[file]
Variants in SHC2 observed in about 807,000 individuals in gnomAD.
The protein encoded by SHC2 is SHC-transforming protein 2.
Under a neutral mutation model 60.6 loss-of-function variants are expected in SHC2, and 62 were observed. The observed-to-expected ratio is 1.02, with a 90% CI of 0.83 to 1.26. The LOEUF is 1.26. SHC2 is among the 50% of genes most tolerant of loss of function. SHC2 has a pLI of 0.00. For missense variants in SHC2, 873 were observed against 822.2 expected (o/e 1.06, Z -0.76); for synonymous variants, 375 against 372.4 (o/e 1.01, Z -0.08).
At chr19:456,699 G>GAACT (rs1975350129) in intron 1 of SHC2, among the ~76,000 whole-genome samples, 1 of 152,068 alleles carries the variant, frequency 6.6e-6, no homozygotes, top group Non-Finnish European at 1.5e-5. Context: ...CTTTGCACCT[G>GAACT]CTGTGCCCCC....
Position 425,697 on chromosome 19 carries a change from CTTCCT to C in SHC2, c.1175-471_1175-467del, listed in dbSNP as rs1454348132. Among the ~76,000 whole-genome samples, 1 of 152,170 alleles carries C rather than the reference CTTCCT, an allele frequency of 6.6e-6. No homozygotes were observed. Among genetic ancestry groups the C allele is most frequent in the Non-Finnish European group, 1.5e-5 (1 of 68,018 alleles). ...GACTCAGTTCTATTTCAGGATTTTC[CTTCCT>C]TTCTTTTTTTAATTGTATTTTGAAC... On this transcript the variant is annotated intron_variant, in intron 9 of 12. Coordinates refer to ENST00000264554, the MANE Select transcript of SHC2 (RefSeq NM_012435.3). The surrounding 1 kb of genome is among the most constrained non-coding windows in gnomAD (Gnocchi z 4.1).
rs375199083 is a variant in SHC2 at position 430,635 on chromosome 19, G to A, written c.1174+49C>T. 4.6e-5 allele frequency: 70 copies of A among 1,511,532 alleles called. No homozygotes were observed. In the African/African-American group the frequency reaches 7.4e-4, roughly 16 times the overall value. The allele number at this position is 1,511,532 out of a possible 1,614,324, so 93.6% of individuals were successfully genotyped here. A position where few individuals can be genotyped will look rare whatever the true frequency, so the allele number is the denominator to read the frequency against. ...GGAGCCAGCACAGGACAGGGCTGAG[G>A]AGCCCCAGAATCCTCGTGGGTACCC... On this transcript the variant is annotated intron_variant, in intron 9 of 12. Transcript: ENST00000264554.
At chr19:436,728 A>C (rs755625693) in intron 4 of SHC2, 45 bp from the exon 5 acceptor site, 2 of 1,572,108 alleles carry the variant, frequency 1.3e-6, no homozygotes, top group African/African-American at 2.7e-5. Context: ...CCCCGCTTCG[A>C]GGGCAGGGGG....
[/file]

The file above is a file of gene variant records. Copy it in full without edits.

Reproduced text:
Variants in SHC2 observed in about 807,000 individuals in gnomAD.
The protein encoded by SHC2 is SHC-transforming protein 2.
Under a neutral mutation model 60.6 loss-of-function variants are expected in SHC2, and 62 were observed. The observed-to-expected ratio is 1.02, with a 90% CI of 0.83 to 1.26. The LOEUF is 1.26. SHC2 is among the 50% of genes most tolerant of loss of function. SHC2 has a pLI of 0.00. For missense variants in SHC2, 873 were observed against 822.2 expected (o/e 1.06, Z -0.76); for synonymous variants, 375 against 372.4 (o/e 1.01, Z -0.08).
At chr19:456,699 G>GAACT (rs1975350129) in intron 1 of SHC2, among the ~76,000 whole-genome samples, 1 of 152,068 alleles carries the variant, frequency 6.6e-6, no homozygotes, top group Non-Finnish European at 1.5e-5. Context: ...CTTTGCACCT[G>GAACT]CTGTGCCCCC....
Position 425,697 on chromosome 19 carries a change from CTTCCT to C in SHC2, c.1175-471_1175-467del, listed in dbSNP as rs1454348132. Among the ~76,000 whole-genome samples, 1 of 152,170 alleles carries C rather than the reference CTTCCT, an allele frequency of 6.6e-6. No homozygotes were observed. Among genetic ancestry groups the C allele is most frequent in the Non-Finnish European group, 1.5e-5 (1 of 68,018 alleles). ...GACTCAGTTCTATTTCAGGATTTTC[CTTCCT>C]TTCTTTTTTTAATTGTATTTTGAAC... On this transcript the variant is annotated intron_variant, in intron 9 of 12. Coordinates refer to ENST00000264554, the MANE Select transcript of SHC2 (RefSeq NM_012435.3). The surrounding 1 kb of genome is among the most constrained non-coding windows in gnomAD (Gnocchi z 4.1).
rs375199083 is a variant in SHC2 at position 430,635 on chromosome 19, G to A, written c.1174+49C>T. 4.6e-5 allele frequency: 70 copies of A among 1,511,532 alleles called. No homozygotes were observed. In the African/African-American group the frequency reaches 7.4e-4, roughly 16 times the overall value. The allele number at this position is 1,511,532 out of a possible 1,614,324, so 93.6% of individuals were successfully genotyped here. A position where few individuals can be genotyped will look rare whatever the true frequency, so the allele number is the denominator to read the frequency against. ...GGAGCCAGCACAGGACAGGGCTGAG[G>A]AGCCCCAGAATCCTCGTGGGTACCC... On this transcript the variant is annotated intron_variant, in intron 9 of 12. Transcript: ENST00000264554.
At chr19:436,728 A>C (rs755625693) in intron 4 of SHC2, 45 bp from the exon 5 acceptor site, 2 of 1,572,108 alleles carry the variant, frequency 1.3e-6, no homozygotes, top group African/African-American at 2.7e-5. Context: ...CCCCGCTTCG[A>C]GGGCAGGGGG....